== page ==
After the harsh winter all-too-recently endured in the United States, it seems way too soon to be thinking about snow and ice again, but “Winterworld” #1 by Chuck Dixon and Butch Guice leaps into the cold headfirst, hitting the readers with a blast of Arctic air.
Dixon is known for his concise, direct writing that wastes little time. “Winterworld” #1 introduces Scully, an older, seasoned grumpy guy, who has taken Wynn, a fourteen-year-old girl under his care. The pair is an odd coupling, but they bounce off one another nicely, like a worldly-wise older brother and his naive little sister. Also along for the ride is Rah-Rah, their pet badger. Dixon gives readers just enough of the characters to make them familiar and provides a couple little quirks along the way, such as Scully’s preference to sing along with Bob Marley music and Wynn’s ferocious passion for books. Dixon doesn’t smash endless reams of detail over the readers’ heads, choosing to leave well enough alone and move things forward.
Like his writing collaborator on “Winterworld” #1, Butch Guice has a fine knack for choosing what details to add in and what minutiae to leave aside. It’s evident that Guice’s art is as meticulous as ever. Yes, a snowy landscape is probably the easiest thing for an artist to draw in theory, but Guice proves otherwise in this book, making the landscape as real and harsh as Dixon’s story calls for. In “Winterworld” #1, wolves look like wolves, not indiscriminate generic members of the Canis genus. The vehicles Wynn and Scully utilize are worn down and at least partially salvaged, also displaying the severity of the surroundings. Diego Rodriguez’s colors are filled with blues, cooling Guice’s artwork and making the story downright chilly. When the adventure moves indoors Rodriguez warms up the palette a bit, stretching into purple and violet, but never letting the temperature warm up too much. Dixon’s story is economic in its wording, which plays nicely to Robbie Robbins’ letters and gives “Winterworld” #1 an opportunity to congeal as a true creative partnership between all parties.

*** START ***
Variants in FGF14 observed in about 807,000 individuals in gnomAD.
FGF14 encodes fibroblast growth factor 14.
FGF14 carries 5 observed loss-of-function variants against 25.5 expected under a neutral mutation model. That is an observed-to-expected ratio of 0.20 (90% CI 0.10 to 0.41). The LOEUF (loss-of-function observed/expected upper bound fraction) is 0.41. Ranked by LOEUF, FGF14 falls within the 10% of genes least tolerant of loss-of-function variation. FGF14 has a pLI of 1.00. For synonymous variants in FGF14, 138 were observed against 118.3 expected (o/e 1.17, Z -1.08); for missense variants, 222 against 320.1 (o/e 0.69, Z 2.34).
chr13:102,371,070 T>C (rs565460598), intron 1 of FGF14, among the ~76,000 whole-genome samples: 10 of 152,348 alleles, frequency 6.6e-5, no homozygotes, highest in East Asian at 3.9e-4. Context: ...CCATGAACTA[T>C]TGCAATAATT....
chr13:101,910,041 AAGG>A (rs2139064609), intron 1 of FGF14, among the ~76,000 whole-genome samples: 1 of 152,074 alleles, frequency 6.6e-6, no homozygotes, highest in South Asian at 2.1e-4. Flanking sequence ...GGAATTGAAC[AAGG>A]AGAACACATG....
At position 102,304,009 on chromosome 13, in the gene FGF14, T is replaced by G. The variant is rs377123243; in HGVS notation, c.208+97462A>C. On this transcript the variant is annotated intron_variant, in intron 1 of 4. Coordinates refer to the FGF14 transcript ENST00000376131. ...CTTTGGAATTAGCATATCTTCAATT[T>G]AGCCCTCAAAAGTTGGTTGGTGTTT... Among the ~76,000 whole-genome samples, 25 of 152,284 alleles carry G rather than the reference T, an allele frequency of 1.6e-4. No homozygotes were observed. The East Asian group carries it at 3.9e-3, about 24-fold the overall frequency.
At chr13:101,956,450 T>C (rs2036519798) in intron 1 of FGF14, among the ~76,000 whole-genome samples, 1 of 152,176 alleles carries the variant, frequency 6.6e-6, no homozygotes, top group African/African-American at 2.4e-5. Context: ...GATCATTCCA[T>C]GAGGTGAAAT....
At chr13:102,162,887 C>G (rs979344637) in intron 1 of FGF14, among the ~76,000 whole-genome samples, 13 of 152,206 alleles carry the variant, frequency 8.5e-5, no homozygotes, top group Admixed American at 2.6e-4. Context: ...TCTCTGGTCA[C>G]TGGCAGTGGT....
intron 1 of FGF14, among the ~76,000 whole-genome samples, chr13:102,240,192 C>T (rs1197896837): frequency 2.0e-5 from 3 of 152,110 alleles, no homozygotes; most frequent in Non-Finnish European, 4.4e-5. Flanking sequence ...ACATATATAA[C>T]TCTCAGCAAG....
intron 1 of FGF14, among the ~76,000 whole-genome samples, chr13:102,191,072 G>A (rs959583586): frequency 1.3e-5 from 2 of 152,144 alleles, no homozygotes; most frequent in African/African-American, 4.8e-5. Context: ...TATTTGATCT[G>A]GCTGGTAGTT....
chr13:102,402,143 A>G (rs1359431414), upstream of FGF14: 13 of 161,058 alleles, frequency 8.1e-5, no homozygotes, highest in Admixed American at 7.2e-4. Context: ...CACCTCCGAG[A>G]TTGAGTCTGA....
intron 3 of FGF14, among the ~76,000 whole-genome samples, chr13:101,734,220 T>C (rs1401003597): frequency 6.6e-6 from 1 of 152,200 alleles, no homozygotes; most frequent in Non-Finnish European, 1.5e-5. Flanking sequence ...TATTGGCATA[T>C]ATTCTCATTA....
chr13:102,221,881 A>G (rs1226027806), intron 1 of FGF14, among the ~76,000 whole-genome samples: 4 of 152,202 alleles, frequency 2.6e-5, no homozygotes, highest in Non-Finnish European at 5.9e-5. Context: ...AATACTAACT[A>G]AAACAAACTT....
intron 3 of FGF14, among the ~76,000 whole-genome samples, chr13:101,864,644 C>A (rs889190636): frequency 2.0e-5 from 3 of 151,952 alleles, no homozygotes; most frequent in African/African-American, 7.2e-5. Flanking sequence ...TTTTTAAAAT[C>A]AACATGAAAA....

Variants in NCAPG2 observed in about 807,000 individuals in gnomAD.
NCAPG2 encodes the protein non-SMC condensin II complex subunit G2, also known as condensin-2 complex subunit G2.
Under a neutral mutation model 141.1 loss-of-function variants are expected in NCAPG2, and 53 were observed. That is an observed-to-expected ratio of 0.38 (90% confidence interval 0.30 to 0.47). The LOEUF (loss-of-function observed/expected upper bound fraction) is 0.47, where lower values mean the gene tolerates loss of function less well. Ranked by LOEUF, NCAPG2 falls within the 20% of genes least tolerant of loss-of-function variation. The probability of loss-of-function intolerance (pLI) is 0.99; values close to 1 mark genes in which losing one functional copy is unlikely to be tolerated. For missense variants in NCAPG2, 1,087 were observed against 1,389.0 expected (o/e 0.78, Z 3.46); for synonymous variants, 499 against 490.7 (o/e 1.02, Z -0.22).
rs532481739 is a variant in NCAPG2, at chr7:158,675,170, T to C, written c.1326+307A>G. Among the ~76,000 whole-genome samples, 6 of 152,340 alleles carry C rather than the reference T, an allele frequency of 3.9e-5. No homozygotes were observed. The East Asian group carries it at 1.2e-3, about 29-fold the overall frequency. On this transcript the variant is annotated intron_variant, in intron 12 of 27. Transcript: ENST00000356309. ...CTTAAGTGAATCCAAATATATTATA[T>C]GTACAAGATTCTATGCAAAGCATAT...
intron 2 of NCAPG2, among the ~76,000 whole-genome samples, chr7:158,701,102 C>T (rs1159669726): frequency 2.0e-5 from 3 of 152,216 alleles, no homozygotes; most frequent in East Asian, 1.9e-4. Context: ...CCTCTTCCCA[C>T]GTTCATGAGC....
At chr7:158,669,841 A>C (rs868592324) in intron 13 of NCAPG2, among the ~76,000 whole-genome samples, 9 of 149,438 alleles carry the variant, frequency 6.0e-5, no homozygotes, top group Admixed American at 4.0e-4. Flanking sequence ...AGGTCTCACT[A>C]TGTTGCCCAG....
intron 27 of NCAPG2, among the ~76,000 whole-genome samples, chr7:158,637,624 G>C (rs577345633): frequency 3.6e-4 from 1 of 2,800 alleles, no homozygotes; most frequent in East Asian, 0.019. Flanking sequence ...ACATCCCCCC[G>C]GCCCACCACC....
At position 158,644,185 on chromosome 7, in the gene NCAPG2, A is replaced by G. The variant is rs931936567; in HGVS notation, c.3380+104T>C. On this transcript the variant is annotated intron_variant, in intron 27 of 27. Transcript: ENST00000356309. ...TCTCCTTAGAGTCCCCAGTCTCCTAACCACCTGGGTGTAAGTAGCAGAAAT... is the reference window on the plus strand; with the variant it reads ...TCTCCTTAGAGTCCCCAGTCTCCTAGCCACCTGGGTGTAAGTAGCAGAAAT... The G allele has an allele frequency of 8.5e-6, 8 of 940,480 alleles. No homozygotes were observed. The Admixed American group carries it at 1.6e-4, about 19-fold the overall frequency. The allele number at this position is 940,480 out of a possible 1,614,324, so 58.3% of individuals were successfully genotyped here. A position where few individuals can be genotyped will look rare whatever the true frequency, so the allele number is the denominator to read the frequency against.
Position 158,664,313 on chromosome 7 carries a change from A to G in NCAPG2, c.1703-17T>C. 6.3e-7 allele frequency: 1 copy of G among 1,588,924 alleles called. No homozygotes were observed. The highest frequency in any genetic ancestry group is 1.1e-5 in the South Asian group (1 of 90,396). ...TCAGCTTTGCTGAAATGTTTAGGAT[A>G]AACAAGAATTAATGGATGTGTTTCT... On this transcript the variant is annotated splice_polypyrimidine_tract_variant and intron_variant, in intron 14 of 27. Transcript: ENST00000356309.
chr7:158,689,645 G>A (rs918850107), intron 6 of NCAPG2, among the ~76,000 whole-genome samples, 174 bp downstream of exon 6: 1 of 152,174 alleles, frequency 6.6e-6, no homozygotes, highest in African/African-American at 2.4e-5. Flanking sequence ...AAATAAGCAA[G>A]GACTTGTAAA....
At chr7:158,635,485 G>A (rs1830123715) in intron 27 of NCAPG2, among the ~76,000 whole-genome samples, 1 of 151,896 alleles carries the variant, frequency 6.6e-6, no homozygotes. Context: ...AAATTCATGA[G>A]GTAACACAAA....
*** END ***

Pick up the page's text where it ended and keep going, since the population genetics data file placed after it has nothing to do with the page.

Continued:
Part “The Day After Tomorrow” and part “Road Warrior,” the issue blends those concepts and sprinkles in a liberal amount of humanity. By the end of “Winterworld” #1, readers have learned very little about the characters and their drives, but Dixon wagers readers will care about Scully and Wynn if he presents more of their personality than their motivations. He’s exactly right. “Winterworld” #1 is a nice divergence from superhero comics, giving readers a not-too-subtle reminder that winter is, indeed, coming.